Adolescent Identities: A Collection of Readings (Relational Perspectives Book Series)
Adolescent Identities draws the reader into the inner world of the adolescent to examine the process of identity formation through the various lenses of history, anthropology, sociology, psychology, and psychoanalysis.
The volume reveals there is no single "normal" adolescent, nor is there a singular adolescent experience. Editor Deborah L. Browning illustrates that in the course of development, each individual must integrate one’s unique biologically-given constitution and temperament, personal life history, and the influence of the social and cultural milieu.
The book consists of six sections, arranged by concentric circles of influence, from the most exterior, identifiable, and potentially overt and conscious, to the most internal, private, and potentially unconscious concerns. Opening papers are drawn from sociology, European history, and cross-cultural anthropology, and address the question of whether and how adolescence can be considered a stage in development.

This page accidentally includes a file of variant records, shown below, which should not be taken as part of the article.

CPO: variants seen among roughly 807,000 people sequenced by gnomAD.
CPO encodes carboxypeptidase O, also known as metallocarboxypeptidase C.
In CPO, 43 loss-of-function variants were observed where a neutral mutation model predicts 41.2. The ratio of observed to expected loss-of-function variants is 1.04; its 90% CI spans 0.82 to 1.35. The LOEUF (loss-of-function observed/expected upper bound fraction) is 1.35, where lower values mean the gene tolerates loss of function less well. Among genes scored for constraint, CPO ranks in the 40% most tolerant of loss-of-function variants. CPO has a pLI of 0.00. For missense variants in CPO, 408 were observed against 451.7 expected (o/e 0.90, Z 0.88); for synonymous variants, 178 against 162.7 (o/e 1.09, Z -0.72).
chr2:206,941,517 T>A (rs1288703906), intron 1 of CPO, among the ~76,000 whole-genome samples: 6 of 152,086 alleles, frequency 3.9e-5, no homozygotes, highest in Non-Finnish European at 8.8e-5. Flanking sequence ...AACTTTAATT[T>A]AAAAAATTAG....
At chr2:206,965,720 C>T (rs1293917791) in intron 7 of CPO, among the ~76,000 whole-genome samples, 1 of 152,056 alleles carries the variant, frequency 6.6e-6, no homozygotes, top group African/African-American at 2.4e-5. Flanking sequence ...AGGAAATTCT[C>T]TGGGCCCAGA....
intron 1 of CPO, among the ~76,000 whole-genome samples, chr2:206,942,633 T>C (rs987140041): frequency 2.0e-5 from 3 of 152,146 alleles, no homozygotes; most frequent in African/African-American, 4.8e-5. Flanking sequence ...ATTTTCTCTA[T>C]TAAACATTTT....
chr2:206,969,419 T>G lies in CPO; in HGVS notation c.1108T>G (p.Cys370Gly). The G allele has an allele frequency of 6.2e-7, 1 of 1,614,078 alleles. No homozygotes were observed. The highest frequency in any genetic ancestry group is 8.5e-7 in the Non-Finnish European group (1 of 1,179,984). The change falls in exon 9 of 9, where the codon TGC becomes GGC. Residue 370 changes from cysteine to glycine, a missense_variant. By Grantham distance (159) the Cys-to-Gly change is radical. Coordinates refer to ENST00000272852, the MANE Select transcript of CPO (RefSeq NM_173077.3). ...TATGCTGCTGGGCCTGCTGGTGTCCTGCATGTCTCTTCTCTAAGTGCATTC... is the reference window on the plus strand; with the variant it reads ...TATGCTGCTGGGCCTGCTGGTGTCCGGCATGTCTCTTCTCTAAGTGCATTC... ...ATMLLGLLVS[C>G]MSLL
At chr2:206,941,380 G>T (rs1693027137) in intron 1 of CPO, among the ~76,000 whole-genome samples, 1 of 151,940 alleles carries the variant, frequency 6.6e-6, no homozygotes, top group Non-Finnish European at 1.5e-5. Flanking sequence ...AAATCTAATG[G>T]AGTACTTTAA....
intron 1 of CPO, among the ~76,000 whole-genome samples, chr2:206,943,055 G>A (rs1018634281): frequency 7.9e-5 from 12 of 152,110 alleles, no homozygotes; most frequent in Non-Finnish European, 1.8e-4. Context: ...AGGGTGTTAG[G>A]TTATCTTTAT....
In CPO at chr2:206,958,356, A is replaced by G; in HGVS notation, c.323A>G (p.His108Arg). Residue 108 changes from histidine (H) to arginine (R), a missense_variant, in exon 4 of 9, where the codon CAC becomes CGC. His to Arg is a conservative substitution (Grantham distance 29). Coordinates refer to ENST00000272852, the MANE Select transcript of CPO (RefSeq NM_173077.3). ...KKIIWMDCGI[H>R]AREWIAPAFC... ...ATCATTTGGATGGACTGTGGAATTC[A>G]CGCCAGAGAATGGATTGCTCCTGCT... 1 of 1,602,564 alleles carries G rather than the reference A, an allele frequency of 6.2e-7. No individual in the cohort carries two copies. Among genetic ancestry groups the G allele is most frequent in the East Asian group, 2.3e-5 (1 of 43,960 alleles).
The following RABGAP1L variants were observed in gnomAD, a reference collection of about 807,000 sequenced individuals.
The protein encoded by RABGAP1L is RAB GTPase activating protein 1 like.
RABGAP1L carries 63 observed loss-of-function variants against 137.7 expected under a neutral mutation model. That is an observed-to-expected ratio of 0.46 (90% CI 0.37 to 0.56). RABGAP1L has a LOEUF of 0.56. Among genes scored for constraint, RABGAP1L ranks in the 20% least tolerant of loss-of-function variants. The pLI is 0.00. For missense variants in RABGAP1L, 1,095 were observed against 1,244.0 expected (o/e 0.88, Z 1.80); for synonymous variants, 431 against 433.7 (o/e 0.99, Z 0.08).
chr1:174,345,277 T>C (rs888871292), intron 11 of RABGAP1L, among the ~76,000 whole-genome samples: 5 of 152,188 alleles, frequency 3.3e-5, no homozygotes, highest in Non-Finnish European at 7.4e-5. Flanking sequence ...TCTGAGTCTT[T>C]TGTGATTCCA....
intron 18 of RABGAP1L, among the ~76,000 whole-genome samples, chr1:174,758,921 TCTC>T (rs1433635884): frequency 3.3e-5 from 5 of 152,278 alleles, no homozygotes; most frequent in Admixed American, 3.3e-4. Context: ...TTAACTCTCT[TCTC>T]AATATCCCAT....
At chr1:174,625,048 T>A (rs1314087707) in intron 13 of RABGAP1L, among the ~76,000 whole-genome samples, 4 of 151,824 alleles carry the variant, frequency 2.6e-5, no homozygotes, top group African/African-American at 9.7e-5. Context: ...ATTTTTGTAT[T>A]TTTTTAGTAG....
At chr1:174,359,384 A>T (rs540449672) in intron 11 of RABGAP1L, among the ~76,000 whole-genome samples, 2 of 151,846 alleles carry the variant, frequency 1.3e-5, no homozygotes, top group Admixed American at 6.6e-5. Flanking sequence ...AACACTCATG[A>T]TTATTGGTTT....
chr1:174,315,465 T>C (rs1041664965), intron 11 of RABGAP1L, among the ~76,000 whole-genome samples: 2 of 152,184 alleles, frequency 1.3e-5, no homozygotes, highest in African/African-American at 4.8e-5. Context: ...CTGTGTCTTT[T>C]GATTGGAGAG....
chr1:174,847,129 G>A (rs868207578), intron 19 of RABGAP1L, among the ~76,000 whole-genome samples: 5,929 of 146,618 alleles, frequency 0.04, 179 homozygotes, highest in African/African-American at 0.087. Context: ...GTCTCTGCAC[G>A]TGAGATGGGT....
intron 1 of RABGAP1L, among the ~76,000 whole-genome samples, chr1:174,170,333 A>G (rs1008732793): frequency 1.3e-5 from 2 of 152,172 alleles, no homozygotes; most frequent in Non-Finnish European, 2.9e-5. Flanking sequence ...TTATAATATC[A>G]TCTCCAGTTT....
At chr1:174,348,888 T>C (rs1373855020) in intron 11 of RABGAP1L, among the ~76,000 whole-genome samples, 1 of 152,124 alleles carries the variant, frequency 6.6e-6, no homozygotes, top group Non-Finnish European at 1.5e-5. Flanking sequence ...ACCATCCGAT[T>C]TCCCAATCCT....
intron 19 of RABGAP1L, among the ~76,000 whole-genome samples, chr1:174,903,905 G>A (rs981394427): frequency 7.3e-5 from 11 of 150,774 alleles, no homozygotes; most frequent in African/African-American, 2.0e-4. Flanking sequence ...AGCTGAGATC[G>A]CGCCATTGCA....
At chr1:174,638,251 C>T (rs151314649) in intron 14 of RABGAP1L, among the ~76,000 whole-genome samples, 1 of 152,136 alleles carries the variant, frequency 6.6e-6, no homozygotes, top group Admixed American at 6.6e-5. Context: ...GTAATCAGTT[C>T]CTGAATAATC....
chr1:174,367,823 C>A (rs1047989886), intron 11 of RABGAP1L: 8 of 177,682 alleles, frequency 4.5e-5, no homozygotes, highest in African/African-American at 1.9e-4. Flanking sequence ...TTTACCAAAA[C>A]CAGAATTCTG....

The second section explores how visible or potentially knowable minority statuses are experienced, and how these interact with individual identity processes. Moving closer to the adolescent’s interpersonal world, the third section presents papers about intimate relationships between adolescents and about the conscious preoccupations of adolescents when they are alone.
Extensive excerpts of Erikson’s most important contributions on identity formation and adolescence are offered in the fourth section. Papers on the most internal, private, and potentially unconscious conflicts comprise the fifth section. The book concludes with a section of papers on "failed solutions" to the challenge of adolescent identity consolidation: homelessness, drug abuse, eating disorders, and suicide.
Adolescent Identities provides mental health practitioners, teachers, and graduate students in both fields with a variety of perspectives on the internal experience of adolescents.